Thanks so much.

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Everyone's physiology is unique.  Most HPPDers don't do well on antipsychotics.  But many don't do well with SNRIs either.  Haven't tried Cymbalta but Effexor was very bad for me.

 

To show cooperation with docs, I tried Abilify.  But only 1mg dosing (1/2 pediatric dose).  In about an hour, 3 symptoms got worse: blurry vision, tinnitus, and restlessness.  The first 2 took a week to resolve - which matches the meds half-life in the blood.  But the restlessness was at least 6 months.  This on 1 dose and then 1 dose two weeks later to verify.

 

So the 'trick' with meds you are unsure of is to take low doses.  Don't wack yourself with a big dose of the unknown...

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Good to hear. It definitely seems wisest to outright reject it at least until I've tried all the safer alternatives, even if that takes time and effort. Do you mind sharing your experience with Effexor? Either here or via PM? Did any of its negatives persist beyond the period in which you were taking it? I'm constantly considering going off Cymbalta because there are some side effects including exacerbation of certain HPPD-related symptoms but I'd hate to endure the return of the godawful anxiety I was experiencing, and I don't want to push my luck with being prescribed keppra through requesting to be put on to Lexapro again.

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Effexor is the only med that has cause me lasting problems.  Only took it 8 days (using the graduating pack).  Basically I'd be lying down and notice an earthquake ... which turned out to be me.  Had migraines for 2 months.  My ability to do certain tasks (cognition) got messed up.  For example, 2nd grade math ... after about 15 min I 'jam up', get a migraine and can't think - fatigue and confusion.  It can take 2-3 days to recover.  But I can spend an hour calculating water volume and velocity in water pipes without the same problem.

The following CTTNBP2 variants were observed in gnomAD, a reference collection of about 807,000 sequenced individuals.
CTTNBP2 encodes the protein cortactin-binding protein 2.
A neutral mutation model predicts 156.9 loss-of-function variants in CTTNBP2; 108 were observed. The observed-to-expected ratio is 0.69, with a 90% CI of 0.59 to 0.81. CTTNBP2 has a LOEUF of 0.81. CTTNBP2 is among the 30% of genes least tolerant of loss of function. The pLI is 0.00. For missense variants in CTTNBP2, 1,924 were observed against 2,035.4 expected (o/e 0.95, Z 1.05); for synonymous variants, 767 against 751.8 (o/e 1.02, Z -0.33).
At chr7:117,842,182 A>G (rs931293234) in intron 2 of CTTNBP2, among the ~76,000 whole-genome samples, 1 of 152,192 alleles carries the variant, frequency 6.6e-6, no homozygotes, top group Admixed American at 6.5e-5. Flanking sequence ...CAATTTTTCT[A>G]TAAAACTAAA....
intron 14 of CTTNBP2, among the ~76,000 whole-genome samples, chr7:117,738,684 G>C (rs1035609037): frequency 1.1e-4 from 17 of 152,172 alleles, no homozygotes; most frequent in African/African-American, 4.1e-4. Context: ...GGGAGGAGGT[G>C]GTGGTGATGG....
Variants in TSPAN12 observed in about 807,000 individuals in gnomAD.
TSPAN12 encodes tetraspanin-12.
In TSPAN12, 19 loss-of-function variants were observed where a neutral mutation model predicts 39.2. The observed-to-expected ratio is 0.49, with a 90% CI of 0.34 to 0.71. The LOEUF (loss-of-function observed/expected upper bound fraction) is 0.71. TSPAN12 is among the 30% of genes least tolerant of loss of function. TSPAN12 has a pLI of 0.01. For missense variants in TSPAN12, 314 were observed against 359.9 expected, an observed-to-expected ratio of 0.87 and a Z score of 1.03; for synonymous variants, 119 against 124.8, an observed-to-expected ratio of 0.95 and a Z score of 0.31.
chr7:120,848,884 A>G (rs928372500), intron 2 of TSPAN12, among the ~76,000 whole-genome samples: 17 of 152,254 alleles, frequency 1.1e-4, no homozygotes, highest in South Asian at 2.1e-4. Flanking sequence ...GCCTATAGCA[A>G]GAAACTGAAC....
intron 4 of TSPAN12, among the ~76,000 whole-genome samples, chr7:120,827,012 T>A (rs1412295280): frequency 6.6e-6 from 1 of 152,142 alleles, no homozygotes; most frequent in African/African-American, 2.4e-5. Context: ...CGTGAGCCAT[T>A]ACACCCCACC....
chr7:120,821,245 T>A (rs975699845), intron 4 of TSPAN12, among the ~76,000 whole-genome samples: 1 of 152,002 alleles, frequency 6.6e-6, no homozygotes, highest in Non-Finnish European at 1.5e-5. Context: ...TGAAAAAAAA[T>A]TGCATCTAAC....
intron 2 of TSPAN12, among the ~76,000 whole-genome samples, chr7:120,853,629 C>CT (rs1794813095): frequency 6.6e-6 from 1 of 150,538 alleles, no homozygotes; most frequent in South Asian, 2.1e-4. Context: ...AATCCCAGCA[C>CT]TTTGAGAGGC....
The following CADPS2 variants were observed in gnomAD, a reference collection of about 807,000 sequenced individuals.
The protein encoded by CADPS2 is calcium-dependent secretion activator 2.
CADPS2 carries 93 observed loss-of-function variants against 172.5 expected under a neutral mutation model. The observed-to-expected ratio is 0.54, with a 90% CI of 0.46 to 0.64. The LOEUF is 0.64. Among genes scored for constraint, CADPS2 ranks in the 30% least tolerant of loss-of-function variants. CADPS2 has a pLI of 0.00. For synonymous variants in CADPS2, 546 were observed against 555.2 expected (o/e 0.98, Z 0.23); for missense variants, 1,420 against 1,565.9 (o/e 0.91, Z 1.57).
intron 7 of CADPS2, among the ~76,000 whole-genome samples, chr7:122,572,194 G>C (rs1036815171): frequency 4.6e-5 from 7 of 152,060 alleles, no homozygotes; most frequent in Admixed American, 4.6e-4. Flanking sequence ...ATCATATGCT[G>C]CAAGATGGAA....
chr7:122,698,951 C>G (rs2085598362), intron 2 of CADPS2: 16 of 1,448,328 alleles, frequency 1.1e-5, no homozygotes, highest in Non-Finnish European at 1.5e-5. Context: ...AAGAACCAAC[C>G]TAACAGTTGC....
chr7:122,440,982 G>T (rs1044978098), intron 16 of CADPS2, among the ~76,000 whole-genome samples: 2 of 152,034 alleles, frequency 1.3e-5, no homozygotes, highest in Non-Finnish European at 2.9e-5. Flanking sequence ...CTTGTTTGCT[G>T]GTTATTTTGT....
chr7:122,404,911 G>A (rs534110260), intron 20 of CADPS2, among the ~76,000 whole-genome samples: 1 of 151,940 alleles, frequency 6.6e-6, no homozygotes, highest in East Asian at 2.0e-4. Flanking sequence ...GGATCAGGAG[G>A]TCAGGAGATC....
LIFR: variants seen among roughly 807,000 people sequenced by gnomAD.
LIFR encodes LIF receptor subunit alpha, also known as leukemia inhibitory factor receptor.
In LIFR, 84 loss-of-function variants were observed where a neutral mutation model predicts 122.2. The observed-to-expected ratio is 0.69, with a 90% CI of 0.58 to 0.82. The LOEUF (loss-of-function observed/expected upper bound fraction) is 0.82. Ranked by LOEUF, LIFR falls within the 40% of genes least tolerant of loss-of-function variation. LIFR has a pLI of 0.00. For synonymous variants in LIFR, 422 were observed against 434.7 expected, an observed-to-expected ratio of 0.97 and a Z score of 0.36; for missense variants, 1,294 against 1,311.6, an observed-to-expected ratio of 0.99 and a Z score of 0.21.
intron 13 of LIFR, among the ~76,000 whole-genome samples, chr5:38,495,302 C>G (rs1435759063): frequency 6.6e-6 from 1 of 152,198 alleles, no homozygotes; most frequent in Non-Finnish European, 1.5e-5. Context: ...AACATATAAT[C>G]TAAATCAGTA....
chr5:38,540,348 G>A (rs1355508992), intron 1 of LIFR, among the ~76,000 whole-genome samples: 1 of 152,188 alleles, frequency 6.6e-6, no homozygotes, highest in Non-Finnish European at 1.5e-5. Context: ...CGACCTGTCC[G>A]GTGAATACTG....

In retrospect, it caused seizures that further weakened damaged areas - even though the dose was low.  I find using hydrocodone helps with the jamming.  And with patient work, and about 4 years later, maybe half of my lost function is recovered.

 

Naturally I am reluctant to try any SNRI or meds that work by increasing SE or NE activity.  It is a curious paradox because you cannot increase DA activity without at least some NE increase.  Yet Sinemet works great for me.  Wellbutrin at low dose works well too - though 'coarser' and, not surprising, increases NE more than Sinemet.

 

 

You will often here docs say, "You need to stay on it at least 2 months ..."  But remember, HPPD IS pre-seizure - - so care is involved to make sure you don't cause seizure.

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I think that my case is unusual ... otherwise the producer would have been sued out of existence.

 

The most likely problems with SNRIs are the same as SSRIs - "discontinuance problems" ... a fancy word for withdrawal.  So, like benzos, you need to go off slowly.  And expect the original depression/anxiety to be there waiting for you ... if you go too fast, they will be back with a vengeance.

 

Best not to worry, just make any changes slowly (months).

 

What HPPD symptoms do you think are worse?